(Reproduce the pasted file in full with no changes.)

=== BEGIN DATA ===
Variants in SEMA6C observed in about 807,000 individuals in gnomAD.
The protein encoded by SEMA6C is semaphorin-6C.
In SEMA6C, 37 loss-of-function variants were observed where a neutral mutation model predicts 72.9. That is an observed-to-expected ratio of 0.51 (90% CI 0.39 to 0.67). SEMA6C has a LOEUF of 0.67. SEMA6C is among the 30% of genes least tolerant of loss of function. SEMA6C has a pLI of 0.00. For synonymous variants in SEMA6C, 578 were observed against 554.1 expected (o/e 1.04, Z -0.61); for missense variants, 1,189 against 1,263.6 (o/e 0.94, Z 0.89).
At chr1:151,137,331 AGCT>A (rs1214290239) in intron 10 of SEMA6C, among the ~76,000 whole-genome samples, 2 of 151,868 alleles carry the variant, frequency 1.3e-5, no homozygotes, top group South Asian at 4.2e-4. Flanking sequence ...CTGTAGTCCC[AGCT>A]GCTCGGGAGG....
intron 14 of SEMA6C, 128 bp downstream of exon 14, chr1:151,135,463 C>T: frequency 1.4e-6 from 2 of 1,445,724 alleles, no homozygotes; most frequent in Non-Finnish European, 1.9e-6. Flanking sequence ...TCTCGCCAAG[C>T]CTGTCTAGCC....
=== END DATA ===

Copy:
Variants in SEMA6C observed in about 807,000 individuals in gnomAD.
The protein encoded by SEMA6C is semaphorin-6C.
In SEMA6C, 37 loss-of-function variants were observed where a neutral mutation model predicts 72.9. That is an observed-to-expected ratio of 0.51 (90% CI 0.39 to 0.67). SEMA6C has a LOEUF of 0.67. SEMA6C is among the 30% of genes least tolerant of loss of function. SEMA6C has a pLI of 0.00. For synonymous variants in SEMA6C, 578 were observed against 554.1 expected (o/e 1.04, Z -0.61); for missense variants, 1,189 against 1,263.6 (o/e 0.94, Z 0.89).
At chr1:151,137,331 AGCT>A (rs1214290239) in intron 10 of SEMA6C, among the ~76,000 whole-genome samples, 2 of 151,868 alleles carry the variant, frequency 1.3e-5, no homozygotes, top group South Asian at 4.2e-4. Flanking sequence ...CTGTAGTCCC[AGCT>A]GCTCGGGAGG....
intron 14 of SEMA6C, 128 bp downstream of exon 14, chr1:151,135,463 C>T: frequency 1.4e-6 from 2 of 1,445,724 alleles, no homozygotes; most frequent in Non-Finnish European, 1.9e-6. Flanking sequence ...TCTCGCCAAG[C>T]CTGTCTAGCC....